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The Legend of Jack Sparrow
by Neal Stevens
September 24, 2006

Jack Sparrow (Captain Jack Sparrow) is back on the big screen and in a new game. The first "Pirates of the Caribbean"  game was originally set-up by developer Akella to sell as Sea Dogs II. Savvy marketing guys saw the opportunity to tie-in a pirate game with the pirate movie. It did not have any real references to Capt. Sparrow or the movie but along with characters to quest, it did give the player control of sailing ships and naval battles. This second POTC game, titled The Legend of Jack Sparrow  (that's Captain Jack Sparrow)  is the opposite: you have Capt. Sparrow (voiced to varying degrees of effectiveness by actor Johnny Depp) and his friends Elizabeth and Will Turner (voiced by other actors) to play in a role-playing quest that chronicles other adventures not covered in the two films. But other than some cutscenes and a few swordfights on the deck, no there are sailing ships in this game, savvy?


The quest begins as Sparrow and Turner search for a rare artifact. Their adventures cross some of the storylines from the original movie with new locales in villages, forts, caves, mines, and jungles. Each episode involves a lot of swordfighting with a steady flood of AI ghouls, enemy pirates, incontinent Spaniards, and redcoats. After a while, constantly clicking the mouse to whack generic opponents gets old and repetitive. There are instances where you get to shoot a cannon, but mostly you swordfight.


Your fighting skills consist of a few basic sword thrusts and combos, along with Jack's "grog bombs" and hatchets (although I spent hours trying to figure out which key throws the axes). Jack has a special tactic--he spits rum on the blade of his sword and sets it on fire. Looks pretty and takes out opponents with one swing. Speaking of looking pretty, the game graphics are adequate and the cut scenes worth mentioning.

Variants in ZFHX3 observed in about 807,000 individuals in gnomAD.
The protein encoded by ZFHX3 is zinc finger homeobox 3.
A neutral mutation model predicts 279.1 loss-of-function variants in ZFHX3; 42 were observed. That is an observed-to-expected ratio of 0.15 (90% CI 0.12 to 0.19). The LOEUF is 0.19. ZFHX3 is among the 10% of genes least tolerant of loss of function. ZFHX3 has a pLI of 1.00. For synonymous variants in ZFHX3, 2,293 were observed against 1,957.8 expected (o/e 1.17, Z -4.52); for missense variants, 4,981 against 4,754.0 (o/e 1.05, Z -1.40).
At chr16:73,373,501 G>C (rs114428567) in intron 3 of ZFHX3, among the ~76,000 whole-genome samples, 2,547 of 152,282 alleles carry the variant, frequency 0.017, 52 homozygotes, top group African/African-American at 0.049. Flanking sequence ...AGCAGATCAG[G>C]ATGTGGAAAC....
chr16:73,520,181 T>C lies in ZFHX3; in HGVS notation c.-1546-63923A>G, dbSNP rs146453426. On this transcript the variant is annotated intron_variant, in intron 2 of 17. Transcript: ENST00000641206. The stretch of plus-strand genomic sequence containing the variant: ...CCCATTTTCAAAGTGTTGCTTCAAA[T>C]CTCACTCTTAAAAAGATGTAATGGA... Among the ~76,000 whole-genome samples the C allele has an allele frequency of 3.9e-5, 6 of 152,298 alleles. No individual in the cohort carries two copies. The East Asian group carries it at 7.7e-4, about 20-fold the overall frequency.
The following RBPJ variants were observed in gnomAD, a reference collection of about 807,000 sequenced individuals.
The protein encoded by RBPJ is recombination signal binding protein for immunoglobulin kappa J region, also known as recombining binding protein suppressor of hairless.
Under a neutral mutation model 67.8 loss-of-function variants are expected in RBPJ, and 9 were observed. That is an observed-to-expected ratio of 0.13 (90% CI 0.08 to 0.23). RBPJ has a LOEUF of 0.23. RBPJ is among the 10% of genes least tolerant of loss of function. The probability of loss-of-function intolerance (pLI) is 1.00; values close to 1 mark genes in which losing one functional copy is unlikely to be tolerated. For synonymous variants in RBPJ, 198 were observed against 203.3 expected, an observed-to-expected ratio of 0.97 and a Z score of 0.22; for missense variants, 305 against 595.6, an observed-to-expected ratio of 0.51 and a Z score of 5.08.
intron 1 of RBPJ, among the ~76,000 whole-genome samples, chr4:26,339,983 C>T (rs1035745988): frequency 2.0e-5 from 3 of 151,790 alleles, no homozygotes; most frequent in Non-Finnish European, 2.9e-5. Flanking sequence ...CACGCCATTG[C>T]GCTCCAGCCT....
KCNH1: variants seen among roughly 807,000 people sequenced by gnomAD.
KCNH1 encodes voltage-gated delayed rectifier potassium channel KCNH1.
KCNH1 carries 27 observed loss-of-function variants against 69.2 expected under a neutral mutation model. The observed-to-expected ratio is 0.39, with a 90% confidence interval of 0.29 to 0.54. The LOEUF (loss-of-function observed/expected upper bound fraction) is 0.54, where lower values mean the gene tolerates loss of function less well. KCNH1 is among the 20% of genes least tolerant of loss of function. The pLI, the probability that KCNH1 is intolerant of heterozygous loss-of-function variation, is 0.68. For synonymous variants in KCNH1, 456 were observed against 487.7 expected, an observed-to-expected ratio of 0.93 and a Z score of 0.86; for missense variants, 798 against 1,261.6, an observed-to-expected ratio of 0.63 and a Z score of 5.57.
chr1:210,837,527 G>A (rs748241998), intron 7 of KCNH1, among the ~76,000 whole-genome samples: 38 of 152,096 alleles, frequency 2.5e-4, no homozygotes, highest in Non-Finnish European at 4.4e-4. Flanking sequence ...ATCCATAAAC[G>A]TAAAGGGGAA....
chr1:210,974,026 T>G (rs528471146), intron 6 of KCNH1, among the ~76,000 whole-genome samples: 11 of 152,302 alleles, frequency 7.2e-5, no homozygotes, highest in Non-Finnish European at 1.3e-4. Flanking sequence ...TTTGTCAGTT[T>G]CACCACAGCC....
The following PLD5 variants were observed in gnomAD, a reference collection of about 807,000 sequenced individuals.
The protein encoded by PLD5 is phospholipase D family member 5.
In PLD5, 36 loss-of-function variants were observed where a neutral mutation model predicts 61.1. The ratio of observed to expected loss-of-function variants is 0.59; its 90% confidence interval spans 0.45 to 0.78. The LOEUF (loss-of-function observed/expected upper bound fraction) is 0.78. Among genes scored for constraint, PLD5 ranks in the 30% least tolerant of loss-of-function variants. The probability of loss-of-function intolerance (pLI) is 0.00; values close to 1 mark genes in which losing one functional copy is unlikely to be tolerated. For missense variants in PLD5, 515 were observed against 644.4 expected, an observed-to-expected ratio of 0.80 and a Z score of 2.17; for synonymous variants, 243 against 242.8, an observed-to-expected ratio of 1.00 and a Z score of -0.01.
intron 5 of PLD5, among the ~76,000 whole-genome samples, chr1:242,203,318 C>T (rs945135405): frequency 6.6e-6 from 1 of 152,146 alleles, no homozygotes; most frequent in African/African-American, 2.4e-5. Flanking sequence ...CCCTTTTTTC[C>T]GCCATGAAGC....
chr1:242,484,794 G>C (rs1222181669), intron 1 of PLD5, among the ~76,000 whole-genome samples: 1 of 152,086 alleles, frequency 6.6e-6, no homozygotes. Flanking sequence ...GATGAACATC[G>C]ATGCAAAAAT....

Swordfights, expect a lot of them

The loveable rogue is the main reason to play this game

Press ... where is the star key on my keyboard??
Finger? Circle back? What's that dot thing mean?? Arrgh!

There is some puzzle-solving required to open gates and treasure chests. You collect pieces of a map and upgrade weapons. But none of the challenges are very difficult, they're just steps to complete.


The biggest aspect for criticism are the game controls and interface. Probably because this game was developed for the Playstation2 as well as the PC, the controls were confusing and the slim game guide was not much help. The ASWD keys controlled the character's movement but some of the onscreen icons baffled me. Which key on a keyboard equates to a circle with a star in it? After much experimenting, I discovered that the icon with one sword was the left mouse button, the two swords icon was right click. This is pretty basic stuff, I can't see how this was released without someone saying "shouldn't we list the icons and their meaning in the game guide?"


This is an arcade game, so the treasure chests are filled with gold health power-ups to sustain your character. Expect your vanquished foes to turn into coin purses that you collect with a "ka-ching" sound. Unlike the previous Pirates of the Caribbean game, just like my daughter's Sonic games. Likewise, the game is too limited and linear to give the player a satisfying sandbox adventure. It makes me wonder--do the designers of this game think that's the style that will appeal to the widest audience?  I would have found it more enjoyable if the game was aimed at an older demographic, minus the arcade elements and with more thoughtful combat.


That may not be extremely detrimental in a game that is primarily about the personality of the erratic and charming pirate. Depp's performance occasionally seems out of synch and at times, flat, and the lines he is given are uninspired. But it is a testament to the charisma of the Capt. Jack character that even with linear gameplay and a mood-killing console feel, the Legend of Jack Sparrow is mildly engaging.

AI Bot running SUBSIM, what could go wrong?!


Publisher: Bethesda Softworks


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